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    3. I will read your blog. It sounds like you know what each day here feels like. It is your life and I do think that what you're doing takes courage. Maybe it is the right thing to do. I wish you the best and hope doing this work makes you happy.

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  7. We need to fix the problems in the U.S. There's plenty of poor right here. When nations are messed up, government wise, somehow, with time, the people must revolt. Not easy but we can't be the world policeman and Santa Claus. We often get a kick in the pants for it anyway and no appreciation. And those who come here illegally need to want to learn English. Illegal immigration is wrong, no excuses.

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    1. Illegals are so Smart that can learn Japanese and other harder languages, Someday the U.S. will be a latino Nation.

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    2. You guys can't be the world's police that is for sure but take your noses off from Middle east and all of the oil fields

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  8. Ms. Gittler, You last name doesn't sound Hispanic-how about helping poor kids in the U.S.? some can use free tutoring too

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  9. Thank you Debra! I do believe it can all get better, with people like you we can still hope for such things. I love my country, and I feel terrible everyday to know of my people's suffering, we are at war here. I think that one of the key things in education that could make a difference is to teach the kids to analyze, challenge what the media teaches them and seek for justice in a team work manner. I think one day people here will come together and turn things around. As long as I live here, I will also work through the means that I have to help others around me. God will bless you and we all in El Salvador have a lesson to learn from people like you. I send you a hug and please stay and work as long as your heart desires without hesitation, you and only you know what your life's mision is, and being here will impact thousands of others...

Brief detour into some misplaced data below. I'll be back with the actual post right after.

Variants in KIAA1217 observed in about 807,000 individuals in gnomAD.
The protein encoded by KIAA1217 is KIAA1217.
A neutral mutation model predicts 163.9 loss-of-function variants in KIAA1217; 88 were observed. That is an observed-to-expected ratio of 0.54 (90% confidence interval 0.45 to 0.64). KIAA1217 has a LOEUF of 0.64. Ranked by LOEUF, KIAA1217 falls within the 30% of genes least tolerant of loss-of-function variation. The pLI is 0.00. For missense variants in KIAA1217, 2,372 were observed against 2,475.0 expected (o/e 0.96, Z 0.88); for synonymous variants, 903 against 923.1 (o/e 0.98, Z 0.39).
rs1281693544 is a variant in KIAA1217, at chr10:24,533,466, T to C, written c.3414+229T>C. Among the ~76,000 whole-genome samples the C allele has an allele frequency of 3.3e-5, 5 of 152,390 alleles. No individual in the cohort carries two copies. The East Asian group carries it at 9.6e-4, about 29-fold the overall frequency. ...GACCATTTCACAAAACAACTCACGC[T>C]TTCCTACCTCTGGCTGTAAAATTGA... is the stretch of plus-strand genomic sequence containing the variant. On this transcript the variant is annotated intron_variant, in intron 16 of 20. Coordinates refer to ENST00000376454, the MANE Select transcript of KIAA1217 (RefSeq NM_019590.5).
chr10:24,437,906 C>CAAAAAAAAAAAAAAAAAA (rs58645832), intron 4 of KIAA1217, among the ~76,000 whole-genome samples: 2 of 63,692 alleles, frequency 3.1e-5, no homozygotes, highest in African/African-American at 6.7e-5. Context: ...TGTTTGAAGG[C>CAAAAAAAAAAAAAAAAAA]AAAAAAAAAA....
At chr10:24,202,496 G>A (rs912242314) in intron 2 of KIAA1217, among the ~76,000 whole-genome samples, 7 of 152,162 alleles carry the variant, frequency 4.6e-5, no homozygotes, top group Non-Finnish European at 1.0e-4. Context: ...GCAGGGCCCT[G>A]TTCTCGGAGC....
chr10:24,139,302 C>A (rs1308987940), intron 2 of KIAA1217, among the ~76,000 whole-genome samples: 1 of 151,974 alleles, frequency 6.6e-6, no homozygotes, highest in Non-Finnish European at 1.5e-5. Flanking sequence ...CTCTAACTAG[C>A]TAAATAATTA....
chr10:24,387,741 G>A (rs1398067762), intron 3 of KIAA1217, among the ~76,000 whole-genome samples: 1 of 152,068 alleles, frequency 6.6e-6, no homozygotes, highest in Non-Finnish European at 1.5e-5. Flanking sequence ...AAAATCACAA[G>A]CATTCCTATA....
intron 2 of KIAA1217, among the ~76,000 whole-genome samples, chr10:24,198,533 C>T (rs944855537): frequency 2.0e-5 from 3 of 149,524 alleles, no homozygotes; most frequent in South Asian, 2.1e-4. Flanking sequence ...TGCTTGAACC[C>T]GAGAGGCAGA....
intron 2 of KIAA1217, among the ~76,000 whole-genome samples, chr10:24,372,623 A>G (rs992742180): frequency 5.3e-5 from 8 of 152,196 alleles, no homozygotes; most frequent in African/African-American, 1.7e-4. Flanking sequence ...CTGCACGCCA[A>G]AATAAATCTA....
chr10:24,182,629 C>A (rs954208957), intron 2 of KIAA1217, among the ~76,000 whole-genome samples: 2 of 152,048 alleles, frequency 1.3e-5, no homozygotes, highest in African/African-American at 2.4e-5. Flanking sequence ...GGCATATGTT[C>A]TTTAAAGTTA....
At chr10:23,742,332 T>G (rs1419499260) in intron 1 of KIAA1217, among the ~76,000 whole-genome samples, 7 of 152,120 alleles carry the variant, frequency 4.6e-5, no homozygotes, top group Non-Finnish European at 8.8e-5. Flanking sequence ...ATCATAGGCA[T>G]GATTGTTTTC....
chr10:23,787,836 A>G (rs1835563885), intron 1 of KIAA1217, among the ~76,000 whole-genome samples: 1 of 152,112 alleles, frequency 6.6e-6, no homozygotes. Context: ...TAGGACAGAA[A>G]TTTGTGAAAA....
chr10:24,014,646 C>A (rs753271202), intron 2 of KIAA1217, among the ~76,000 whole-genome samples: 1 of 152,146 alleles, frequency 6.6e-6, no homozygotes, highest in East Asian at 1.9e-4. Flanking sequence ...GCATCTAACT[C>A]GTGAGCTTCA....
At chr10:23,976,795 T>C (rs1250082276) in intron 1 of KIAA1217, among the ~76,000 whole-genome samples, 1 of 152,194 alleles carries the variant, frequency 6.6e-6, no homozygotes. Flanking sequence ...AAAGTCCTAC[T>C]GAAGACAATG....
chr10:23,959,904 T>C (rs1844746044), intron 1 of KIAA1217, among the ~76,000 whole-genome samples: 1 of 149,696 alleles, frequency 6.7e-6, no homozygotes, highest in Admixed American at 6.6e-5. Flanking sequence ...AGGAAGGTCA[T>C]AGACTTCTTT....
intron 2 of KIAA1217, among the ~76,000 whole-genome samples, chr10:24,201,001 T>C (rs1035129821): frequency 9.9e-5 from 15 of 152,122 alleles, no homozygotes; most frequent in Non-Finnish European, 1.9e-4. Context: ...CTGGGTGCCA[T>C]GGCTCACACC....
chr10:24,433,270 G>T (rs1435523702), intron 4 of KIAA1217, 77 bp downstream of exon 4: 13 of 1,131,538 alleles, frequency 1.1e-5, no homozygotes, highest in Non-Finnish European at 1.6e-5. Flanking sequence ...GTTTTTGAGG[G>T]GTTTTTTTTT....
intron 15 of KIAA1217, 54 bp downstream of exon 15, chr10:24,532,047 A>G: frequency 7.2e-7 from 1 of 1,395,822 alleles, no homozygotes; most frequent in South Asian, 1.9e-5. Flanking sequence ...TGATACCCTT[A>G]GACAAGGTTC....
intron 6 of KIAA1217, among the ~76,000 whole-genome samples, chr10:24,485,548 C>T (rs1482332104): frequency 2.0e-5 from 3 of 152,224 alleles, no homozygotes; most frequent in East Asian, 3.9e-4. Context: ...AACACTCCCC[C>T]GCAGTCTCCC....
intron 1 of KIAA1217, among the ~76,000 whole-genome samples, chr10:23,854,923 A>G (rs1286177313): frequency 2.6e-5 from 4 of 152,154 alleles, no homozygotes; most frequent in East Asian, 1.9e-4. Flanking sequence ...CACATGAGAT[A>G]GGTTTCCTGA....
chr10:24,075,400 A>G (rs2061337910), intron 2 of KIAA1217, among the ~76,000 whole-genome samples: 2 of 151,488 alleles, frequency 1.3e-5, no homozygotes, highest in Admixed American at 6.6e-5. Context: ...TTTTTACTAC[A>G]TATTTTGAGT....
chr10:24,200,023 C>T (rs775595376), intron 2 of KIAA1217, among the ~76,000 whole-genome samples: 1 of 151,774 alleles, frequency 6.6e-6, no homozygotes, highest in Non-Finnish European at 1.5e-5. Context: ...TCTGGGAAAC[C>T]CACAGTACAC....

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  10. This is truly inspirational, thanks a lot for giving us a hand in this beautiful country Debra.

    BTW, you have ppl reading your blog down here in El Salvador Neil :)

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  11. No one can be a prophet from home debra, now you have seen with your heart that the world its bigger than a country and humanity its every single person alive, we are one, and issues in el salvador affects the entire universe, you are healing par of the universe debra in the place where we need you the most, God is on your side and you see him everyday. Blessings

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  12. Debra, It is truly wonderful to read of your great works. I am impressed by your understanding for "Anonymous'" point of view. I wrote in my book that one of the greatest things we can do for world poverty is to open our doors to immigration. I will try to follow your blog.

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  13. Daniel Robin is wrong on so many levels.